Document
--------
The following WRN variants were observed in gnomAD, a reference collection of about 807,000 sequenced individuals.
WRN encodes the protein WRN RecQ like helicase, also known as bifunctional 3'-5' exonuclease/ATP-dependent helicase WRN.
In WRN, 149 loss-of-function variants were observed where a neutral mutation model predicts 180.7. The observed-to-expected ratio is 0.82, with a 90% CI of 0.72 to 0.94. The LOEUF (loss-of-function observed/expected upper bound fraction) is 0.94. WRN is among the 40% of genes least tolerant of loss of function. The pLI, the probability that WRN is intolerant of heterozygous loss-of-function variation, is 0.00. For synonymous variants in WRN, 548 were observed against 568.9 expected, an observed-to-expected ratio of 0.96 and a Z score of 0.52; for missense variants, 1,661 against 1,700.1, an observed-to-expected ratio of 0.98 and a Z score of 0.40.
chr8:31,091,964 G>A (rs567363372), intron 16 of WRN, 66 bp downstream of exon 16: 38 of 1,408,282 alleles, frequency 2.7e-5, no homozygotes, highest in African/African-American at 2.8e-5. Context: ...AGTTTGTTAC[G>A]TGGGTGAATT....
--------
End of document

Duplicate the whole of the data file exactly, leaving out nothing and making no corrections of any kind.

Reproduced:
The following WRN variants were observed in gnomAD, a reference collection of about 807,000 sequenced individuals.
WRN encodes the protein WRN RecQ like helicase, also known as bifunctional 3'-5' exonuclease/ATP-dependent helicase WRN.
In WRN, 149 loss-of-function variants were observed where a neutral mutation model predicts 180.7. The observed-to-expected ratio is 0.82, with a 90% CI of 0.72 to 0.94. The LOEUF (loss-of-function observed/expected upper bound fraction) is 0.94. WRN is among the 40% of genes least tolerant of loss of function. The pLI, the probability that WRN is intolerant of heterozygous loss-of-function variation, is 0.00. For synonymous variants in WRN, 548 were observed against 568.9 expected, an observed-to-expected ratio of 0.96 and a Z score of 0.52; for missense variants, 1,661 against 1,700.1, an observed-to-expected ratio of 0.98 and a Z score of 0.40.
chr8:31,091,964 G>A (rs567363372), intron 16 of WRN, 66 bp downstream of exon 16: 38 of 1,408,282 alleles, frequency 2.7e-5, no homozygotes, highest in African/African-American at 2.8e-5. Context: ...AGTTTGTTAC[G>A]TGGGTGAATT....